provocative question: What is it like to be a child who needs help? The current top-down policy approach operates from the organizational
perspective of the multiple providers. We outline here the changing
conditions and needs of children to form a basis for analyzing the
effectiveness of the current services delivered to them. We then move
to the conditions of the services as they presently exist, and to
prescriptions for improving and reconceptualizing policies and
administrative approaches. Finally, we delineate the role of the schools
in this new conceptualization.
We believe there are
problems in how schools relate to different family structures, in how
schools fit into diverse communities, in how schools perform their
roles, and in what the proper roles are. Thus this chapter is a critical
essay rather than a comprehensive review of research literature on
families, communities, and their relationships with schools.
Essentially, three questions guide our excursion on the nature and
status of school, family, and community relations.
I. Where did our current conceptions of the family and the
community originate, and how do these idealized concepts relate to
the political, social, and demographic realities of the 1980s and 1990s?
2. What are meaningful indicators of family, community, and
3. What is meant by the terms "school-community relations" and
In this chapter, we will assess the prospects for school reform by
examining the evidence on the nature of effective schools and their
relationship to teachers and school leaders. We will argue that the
effectiveness research, although a sound beginning for understanding
successful school practices, moved from the laboratory to the real
world before research elucidated more precise yet context-driven
procedures of effective practices.
This chapter is based on the assumption that the relationship
between teachers and principals is at the crux of school restructuring)
Moreover, it is assumed that the notion of "principal" will not
disappear in the immediate future. The American public school
system is too much a conservative social institution to expect a radical
departure from traditional structures of authority and accountability.
However, it is assumed that the concept of educational leadership will
evolve dramatically over the next decade. In other words, tomorrow's
schools will have principals, but the schools will be led in a much
The purposes of this chapter are to (1) describe the fundamental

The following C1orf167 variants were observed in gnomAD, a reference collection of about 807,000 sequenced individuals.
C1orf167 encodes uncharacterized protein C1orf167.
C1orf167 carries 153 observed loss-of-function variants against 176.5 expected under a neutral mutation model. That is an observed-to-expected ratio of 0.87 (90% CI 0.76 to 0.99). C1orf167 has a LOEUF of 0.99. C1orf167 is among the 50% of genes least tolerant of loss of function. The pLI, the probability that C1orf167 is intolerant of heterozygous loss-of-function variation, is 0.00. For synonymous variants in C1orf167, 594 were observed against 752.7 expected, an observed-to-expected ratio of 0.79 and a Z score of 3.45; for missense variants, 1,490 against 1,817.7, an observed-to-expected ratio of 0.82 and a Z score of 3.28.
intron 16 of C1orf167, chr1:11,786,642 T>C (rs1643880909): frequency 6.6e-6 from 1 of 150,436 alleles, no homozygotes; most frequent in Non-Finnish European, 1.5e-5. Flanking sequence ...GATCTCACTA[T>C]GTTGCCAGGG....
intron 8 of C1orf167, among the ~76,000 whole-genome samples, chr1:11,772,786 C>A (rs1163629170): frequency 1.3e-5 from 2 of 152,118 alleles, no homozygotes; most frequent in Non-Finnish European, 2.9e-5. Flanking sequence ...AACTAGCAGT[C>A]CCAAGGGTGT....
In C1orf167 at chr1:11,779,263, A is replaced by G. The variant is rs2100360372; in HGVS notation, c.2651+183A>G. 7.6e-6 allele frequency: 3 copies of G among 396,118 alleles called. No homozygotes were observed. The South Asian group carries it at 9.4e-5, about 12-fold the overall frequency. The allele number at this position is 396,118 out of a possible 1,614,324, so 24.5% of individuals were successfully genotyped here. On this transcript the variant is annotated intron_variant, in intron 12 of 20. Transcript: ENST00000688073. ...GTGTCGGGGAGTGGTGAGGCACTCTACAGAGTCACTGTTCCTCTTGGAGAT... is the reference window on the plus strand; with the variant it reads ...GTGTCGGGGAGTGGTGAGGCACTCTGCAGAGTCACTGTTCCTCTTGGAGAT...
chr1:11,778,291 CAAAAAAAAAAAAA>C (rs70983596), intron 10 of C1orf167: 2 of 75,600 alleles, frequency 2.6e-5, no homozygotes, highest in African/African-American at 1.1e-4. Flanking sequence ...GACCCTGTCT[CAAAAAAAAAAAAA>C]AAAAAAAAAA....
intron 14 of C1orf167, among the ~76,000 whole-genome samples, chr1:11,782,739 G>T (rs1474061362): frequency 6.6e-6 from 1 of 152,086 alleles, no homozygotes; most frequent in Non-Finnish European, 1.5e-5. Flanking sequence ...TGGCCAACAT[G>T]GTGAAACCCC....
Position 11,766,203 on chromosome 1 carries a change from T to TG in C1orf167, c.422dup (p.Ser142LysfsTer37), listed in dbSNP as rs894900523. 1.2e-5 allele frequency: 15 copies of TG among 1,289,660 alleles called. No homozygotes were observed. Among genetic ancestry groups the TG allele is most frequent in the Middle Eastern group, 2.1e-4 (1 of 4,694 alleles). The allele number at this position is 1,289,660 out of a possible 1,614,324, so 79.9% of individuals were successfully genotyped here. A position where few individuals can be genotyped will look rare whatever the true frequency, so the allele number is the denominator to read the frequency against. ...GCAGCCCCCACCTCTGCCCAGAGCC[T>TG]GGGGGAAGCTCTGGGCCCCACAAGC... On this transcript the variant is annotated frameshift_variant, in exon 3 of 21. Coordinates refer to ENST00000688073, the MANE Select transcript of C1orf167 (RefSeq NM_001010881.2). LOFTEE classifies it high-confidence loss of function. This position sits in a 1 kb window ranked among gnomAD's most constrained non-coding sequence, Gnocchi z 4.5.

public sector management strategies and their historic application to
United States education; (2) analyze assumptions contained in the
currently dominant, bureaucratic management strategy and specify
why those assumptions increasingly may fail to make sense; (3)
speculate regarding the models that appear to be evolving to compete
with pyramidal bureaucracy as a dominant mode of school
management; and (4) project the consequences of a shift in
management strategies for administrator practice and preparation and
systematic inquiry about educational administration.
A high school administrator adopts a feminist approach to administration.
This article considers the implications of teacher empowerment for school leadership.
Using faculty recollections of Burton Blatt's tenure as Dean of the School of Education at Syracuse University, this article considers how Blatt was able to have such a powerful impact on his faculty, and what can be learned about the concept of leadership of academic organizations from his legacy.
Curriculum workers, supervisors, and others in leadership roles
are frequently daunted by essentially political forces and pressures that
call for compromise of professional standards or ethics or the diversion
of energies intended to benefit children to other and less legitimate
activities. In some cases, the pressures take the form of mandates or
their equivalent from state governments, state agencies, or other
powerful entities seeking to accomplish certain broad social or
political goals through the instrument of public education. In other
cases, the pressures are more localized and originate with parents, both
individually and collectively, with boards of education, or with the
administrative officers of the local school district. On occasion the
pressures come from prestigious persons, organizations, or other
opinion-influencing entities such as the media. Whatever their origins
or their merit, such pressures sometimes pose enormous problems for
supervisors and eventually dilute, alter, or imperil the overall quality
of educational services. In this chapter we examine these pressures and
consider how curriculum workers are affected by and deal with them.
This chapter is devoted to an explication of how
school principals would promote curriculum work if the metaphor of
teacher as classroom executive were used as a basic guide for
leadership. Research evidence to support the use of this metaphor is
included. The chapter ends with a set of recommendations about how
principal preparation programs might be reconceptualized to make the
use of the classroom executive metaphor more prevalent in schools.
This article cautions that prescriptive announcements for school improvement currently in vogue are not all clearly justified by research on school effectiveness.
The methods of evaluating a teacher's effectiveness are many, yet all assume instructional intentions on the part of the teacher. This paper examines Socrates in order to identify his pedagogical aims and whether his intentions or lack thereof make a difference in explaining why he does what he does.
Teacher supervision is suffering from a legacy of being affiliated with an outmoded integration of science and technology. Dialectical supervision, which emphasizes empowering teachers with ways of knowing that involve continually confronting themselves and searching for more responsive and less dominant educative practices, is proposed as an oppositional view to that of hierarchical scientific management of teaching.
This article responds to the twin calls for teacher leadership and collaboration between schools and universities made by the Holmes Group and the Carnegie Forum.
This paper explores from an organizational theory point of view issues related to standards for entry into teaching, differential staffing models, and school management. The focus is on the central issue of control versus autonomy in the organizational structure of schools.